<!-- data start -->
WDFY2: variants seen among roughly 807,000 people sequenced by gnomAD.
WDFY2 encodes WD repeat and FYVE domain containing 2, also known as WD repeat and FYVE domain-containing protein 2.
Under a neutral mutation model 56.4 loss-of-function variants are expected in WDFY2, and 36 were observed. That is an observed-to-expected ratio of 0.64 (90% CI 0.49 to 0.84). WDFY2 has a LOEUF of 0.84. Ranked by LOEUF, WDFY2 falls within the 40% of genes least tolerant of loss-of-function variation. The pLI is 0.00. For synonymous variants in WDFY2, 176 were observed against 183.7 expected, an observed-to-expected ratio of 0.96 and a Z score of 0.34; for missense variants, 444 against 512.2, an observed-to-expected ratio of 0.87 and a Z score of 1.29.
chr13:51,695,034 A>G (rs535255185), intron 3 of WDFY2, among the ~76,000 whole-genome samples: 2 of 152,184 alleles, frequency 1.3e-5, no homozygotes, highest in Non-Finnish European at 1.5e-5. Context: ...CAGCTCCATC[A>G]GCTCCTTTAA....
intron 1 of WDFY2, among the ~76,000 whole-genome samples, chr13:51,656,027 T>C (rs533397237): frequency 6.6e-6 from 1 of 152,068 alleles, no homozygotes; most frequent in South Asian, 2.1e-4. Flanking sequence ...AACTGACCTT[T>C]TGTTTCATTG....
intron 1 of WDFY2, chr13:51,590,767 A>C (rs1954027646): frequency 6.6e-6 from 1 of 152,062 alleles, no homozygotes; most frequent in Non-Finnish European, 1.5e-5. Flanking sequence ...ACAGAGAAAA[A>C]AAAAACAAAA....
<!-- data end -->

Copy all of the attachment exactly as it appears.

WDFY2: variants seen among roughly 807,000 people sequenced by gnomAD.
WDFY2 encodes WD repeat and FYVE domain containing 2, also known as WD repeat and FYVE domain-containing protein 2.
Under a neutral mutation model 56.4 loss-of-function variants are expected in WDFY2, and 36 were observed. That is an observed-to-expected ratio of 0.64 (90% CI 0.49 to 0.84). WDFY2 has a LOEUF of 0.84. Ranked by LOEUF, WDFY2 falls within the 40% of genes least tolerant of loss-of-function variation. The pLI is 0.00. For synonymous variants in WDFY2, 176 were observed against 183.7 expected, an observed-to-expected ratio of 0.96 and a Z score of 0.34; for missense variants, 444 against 512.2, an observed-to-expected ratio of 0.87 and a Z score of 1.29.
chr13:51,695,034 A>G (rs535255185), intron 3 of WDFY2, among the ~76,000 whole-genome samples: 2 of 152,184 alleles, frequency 1.3e-5, no homozygotes, highest in Non-Finnish European at 1.5e-5. Context: ...CAGCTCCATC[A>G]GCTCCTTTAA....
intron 1 of WDFY2, among the ~76,000 whole-genome samples, chr13:51,656,027 T>C (rs533397237): frequency 6.6e-6 from 1 of 152,068 alleles, no homozygotes; most frequent in South Asian, 2.1e-4. Flanking sequence ...AACTGACCTT[T>C]TGTTTCATTG....
intron 1 of WDFY2, chr13:51,590,767 A>C (rs1954027646): frequency 6.6e-6 from 1 of 152,062 alleles, no homozygotes; most frequent in Non-Finnish European, 1.5e-5. Flanking sequence ...ACAGAGAAAA[A>C]AAAAACAAAA....